To put it into practice, sit down tonight before you go to bed and write down the three most important tasks you have to get done tomorrow. Don’t try to fit everything you need, or think you need, to do, just the three most important ones.

    In the morning, take out your list and attack the first “Big Rock”. Work on it until it’s done or you can’t make any further progress. Then move on to the second, and then the third. Once you’ve finished them all, you can start in with the little stuff, knowing you’ve made good progress on all the big stuff. And if you don’t get to the little stuff? You’ll have the satisfaction of knowing that you accomplished three big things. At the end of the day, nobody’s ever wished they’d spent more time arranging their pencil drawer instead of writing their novel, or printing mailing labels instead of landing a big client.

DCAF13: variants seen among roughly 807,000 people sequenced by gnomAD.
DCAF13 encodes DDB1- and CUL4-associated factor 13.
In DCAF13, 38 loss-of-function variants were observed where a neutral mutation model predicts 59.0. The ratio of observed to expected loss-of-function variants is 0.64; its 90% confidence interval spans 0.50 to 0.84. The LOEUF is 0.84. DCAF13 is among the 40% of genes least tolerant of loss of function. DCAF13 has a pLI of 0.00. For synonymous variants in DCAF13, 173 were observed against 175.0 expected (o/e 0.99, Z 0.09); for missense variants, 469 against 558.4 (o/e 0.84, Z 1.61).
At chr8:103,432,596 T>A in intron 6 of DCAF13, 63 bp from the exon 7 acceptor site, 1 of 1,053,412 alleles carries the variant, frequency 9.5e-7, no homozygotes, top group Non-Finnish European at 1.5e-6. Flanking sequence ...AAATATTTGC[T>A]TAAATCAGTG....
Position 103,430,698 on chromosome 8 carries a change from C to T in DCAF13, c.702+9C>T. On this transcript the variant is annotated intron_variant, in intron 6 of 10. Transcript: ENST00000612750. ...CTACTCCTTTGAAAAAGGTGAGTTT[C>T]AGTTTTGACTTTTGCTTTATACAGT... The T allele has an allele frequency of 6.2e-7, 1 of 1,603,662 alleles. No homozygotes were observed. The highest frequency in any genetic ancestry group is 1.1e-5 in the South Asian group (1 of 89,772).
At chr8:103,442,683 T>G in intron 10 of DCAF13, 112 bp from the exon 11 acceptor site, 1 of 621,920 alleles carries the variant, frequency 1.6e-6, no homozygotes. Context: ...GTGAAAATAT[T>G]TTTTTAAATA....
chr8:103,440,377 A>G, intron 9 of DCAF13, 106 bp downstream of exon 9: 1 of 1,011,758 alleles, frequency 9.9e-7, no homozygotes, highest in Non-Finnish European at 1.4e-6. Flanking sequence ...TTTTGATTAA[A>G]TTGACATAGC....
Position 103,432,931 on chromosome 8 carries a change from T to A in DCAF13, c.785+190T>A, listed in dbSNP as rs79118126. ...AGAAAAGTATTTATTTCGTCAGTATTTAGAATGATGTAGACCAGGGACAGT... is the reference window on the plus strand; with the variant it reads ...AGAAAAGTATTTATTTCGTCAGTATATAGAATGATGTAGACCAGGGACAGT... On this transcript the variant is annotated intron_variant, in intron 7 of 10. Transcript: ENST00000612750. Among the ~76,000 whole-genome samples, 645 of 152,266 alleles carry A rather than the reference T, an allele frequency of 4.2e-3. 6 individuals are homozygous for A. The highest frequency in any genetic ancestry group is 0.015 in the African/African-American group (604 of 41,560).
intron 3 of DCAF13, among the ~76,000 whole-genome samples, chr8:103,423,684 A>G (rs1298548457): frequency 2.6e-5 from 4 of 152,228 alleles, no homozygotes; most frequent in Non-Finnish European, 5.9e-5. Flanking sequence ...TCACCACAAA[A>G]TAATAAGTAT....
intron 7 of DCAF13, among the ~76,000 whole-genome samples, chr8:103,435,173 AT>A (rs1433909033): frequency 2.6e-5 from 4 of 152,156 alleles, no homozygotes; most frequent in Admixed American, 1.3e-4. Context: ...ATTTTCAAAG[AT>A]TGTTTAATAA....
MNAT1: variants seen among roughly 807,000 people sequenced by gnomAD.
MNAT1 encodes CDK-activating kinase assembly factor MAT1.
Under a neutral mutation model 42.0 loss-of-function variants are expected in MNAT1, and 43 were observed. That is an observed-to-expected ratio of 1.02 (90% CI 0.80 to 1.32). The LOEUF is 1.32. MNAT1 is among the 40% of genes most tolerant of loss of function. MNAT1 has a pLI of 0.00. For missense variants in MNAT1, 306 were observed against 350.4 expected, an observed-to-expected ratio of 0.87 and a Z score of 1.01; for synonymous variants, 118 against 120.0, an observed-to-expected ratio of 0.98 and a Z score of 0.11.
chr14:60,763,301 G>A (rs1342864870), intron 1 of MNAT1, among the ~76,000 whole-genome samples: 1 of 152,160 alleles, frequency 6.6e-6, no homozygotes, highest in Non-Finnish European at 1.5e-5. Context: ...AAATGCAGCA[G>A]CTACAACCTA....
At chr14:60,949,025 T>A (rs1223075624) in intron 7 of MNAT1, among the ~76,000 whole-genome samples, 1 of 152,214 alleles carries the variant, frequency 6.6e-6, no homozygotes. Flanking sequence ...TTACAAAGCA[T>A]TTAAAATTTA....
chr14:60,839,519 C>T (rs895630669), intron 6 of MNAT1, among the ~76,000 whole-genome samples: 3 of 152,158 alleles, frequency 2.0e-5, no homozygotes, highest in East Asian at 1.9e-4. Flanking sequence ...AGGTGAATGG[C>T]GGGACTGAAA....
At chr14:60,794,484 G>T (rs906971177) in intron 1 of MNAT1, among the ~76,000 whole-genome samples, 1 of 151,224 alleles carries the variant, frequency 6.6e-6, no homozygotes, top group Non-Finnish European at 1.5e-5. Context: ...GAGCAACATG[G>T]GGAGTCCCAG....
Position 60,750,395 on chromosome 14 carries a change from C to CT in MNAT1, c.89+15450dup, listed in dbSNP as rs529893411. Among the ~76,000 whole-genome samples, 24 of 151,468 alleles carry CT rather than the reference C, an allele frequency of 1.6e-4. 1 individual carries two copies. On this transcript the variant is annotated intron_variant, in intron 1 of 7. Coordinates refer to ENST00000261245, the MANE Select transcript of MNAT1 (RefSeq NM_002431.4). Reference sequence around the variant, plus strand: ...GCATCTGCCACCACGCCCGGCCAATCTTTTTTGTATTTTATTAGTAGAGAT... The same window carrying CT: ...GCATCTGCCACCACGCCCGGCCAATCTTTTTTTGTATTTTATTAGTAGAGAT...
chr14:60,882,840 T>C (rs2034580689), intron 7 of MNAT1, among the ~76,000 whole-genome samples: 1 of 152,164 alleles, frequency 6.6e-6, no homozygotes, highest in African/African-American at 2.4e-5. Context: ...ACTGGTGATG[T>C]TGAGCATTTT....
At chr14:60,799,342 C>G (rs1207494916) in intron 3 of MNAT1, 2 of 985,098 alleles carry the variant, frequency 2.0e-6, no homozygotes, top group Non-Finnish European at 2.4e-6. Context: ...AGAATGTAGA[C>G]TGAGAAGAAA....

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    3. Covey Quadrants

    If you just can’t relax unless you absolutely know you’re working on the most important thing you could be working on at every instant, Stephen Covey’s quadrant system as written in The 7 Habits of Highly Effective People: Powerful Lessons in Personal Change might be for you.

    Covey suggests you divide a piece of paper into four sections, drawing a line across and a line from top to bottom. Into each of those quadrants, you put your tasks according to whether they are:

    1. Important and Urgent
    2. Important and Not Urgent
    3. Not Important but Urgent
    4. Not Important and Not Urgent

      The quadrant III and IV stuff is where we get bogged down in the trivial: phone calls, interruptions, meetings (QIII) and busy work, shooting the breeze, and other time wasters (QIV). Although some of this stuff might have some social value, if it interferes with your ability to do the things that are important to you, they need to go.